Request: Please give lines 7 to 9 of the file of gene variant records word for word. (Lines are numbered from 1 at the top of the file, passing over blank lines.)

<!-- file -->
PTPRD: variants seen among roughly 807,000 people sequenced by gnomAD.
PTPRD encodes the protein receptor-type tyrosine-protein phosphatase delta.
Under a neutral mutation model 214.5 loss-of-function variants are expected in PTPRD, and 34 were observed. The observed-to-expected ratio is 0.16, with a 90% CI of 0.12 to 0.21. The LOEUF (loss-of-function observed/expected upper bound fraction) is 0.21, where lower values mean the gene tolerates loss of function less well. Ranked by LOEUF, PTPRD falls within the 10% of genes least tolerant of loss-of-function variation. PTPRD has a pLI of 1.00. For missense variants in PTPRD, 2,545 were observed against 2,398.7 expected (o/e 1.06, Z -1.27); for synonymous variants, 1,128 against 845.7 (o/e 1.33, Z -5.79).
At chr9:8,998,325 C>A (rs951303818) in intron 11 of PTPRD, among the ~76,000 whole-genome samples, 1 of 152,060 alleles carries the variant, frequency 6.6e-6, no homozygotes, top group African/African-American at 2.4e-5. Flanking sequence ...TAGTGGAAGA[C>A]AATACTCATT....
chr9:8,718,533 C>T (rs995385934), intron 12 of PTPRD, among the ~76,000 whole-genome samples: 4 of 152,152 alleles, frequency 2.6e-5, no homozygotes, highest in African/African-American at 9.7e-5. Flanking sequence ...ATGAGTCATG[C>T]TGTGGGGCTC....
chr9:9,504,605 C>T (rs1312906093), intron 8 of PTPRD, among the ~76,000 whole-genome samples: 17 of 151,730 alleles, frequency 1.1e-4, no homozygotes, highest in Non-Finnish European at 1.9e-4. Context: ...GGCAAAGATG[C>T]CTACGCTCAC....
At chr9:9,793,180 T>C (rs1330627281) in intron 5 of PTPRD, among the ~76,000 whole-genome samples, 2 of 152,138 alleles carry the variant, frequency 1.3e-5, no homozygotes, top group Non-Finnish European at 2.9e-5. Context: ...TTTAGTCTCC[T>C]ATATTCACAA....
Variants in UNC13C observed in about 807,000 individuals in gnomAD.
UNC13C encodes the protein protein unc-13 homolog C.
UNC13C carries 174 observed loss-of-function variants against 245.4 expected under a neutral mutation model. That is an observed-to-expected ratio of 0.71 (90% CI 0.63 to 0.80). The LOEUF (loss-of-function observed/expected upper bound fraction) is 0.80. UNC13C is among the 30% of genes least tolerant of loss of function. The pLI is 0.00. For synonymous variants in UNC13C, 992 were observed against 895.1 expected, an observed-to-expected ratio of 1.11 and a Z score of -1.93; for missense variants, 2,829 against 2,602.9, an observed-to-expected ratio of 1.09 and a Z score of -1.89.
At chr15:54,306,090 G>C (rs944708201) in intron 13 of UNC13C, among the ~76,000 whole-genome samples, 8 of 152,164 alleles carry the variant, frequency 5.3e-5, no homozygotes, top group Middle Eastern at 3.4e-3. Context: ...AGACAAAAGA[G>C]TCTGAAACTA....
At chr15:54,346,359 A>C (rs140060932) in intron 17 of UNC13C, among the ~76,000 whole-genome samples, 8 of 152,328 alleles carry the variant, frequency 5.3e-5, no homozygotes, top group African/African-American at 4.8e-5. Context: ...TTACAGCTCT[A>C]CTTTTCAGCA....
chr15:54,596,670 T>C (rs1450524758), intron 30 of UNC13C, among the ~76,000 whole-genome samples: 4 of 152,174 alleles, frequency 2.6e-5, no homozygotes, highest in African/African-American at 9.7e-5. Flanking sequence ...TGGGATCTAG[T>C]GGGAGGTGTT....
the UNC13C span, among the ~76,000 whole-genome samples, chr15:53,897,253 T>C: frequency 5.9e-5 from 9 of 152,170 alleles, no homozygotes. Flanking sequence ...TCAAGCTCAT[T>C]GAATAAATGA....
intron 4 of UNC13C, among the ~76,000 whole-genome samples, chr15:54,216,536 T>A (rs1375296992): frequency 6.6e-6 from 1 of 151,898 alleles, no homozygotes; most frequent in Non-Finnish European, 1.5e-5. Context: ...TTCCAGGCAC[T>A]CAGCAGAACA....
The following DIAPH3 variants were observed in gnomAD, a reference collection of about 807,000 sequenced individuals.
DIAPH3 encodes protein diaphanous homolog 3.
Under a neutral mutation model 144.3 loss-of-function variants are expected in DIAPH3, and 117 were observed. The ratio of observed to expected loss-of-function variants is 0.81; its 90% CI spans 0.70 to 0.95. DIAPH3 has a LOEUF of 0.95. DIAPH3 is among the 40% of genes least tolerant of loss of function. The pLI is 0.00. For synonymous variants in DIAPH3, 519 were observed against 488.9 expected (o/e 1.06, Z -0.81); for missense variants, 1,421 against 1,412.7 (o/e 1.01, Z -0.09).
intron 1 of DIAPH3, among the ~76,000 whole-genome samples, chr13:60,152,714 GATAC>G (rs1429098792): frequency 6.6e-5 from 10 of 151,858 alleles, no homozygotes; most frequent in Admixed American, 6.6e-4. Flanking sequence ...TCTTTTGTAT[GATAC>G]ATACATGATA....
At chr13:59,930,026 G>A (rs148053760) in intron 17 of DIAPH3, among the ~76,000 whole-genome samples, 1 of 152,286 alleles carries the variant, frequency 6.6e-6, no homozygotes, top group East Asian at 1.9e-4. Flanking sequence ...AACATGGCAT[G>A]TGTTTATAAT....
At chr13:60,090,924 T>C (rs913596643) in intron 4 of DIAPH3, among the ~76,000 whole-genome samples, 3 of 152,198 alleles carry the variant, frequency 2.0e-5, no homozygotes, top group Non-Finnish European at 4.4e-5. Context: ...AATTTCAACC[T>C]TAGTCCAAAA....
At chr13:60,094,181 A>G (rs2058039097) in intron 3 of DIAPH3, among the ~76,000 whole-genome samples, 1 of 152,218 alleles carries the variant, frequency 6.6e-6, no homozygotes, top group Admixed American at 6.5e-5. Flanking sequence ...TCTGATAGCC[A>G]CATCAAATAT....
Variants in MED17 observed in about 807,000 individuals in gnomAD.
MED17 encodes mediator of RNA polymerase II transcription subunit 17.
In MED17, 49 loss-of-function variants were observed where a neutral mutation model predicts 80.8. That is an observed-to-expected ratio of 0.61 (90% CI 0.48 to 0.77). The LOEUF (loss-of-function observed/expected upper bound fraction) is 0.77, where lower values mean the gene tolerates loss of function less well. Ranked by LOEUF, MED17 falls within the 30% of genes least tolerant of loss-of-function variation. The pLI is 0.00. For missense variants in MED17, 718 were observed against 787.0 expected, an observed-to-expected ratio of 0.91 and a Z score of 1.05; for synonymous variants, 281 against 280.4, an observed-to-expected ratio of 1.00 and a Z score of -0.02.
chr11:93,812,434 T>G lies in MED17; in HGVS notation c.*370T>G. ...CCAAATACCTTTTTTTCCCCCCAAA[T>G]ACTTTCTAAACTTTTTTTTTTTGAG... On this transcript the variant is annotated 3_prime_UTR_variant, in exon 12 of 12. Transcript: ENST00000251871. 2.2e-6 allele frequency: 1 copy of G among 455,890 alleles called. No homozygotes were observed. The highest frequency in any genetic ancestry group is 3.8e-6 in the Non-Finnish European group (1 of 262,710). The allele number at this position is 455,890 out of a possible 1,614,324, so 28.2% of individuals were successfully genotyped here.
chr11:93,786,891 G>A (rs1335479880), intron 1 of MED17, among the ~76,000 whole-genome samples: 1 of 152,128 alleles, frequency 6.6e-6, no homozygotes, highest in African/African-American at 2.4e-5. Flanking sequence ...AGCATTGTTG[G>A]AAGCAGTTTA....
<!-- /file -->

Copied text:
At chr9:9,793,180 T>C (rs1330627281) in intron 5 of PTPRD, among the ~76,000 whole-genome samples, 2 of 152,138 alleles carry the variant, frequency 1.3e-5, no homozygotes, top group Non-Finnish European at 2.9e-5. Context: ...TTTAGTCTCC[T>C]ATATTCACAA....
Variants in UNC13C observed in about 807,000 individuals in gnomAD.
UNC13C encodes the protein protein unc-13 homolog C.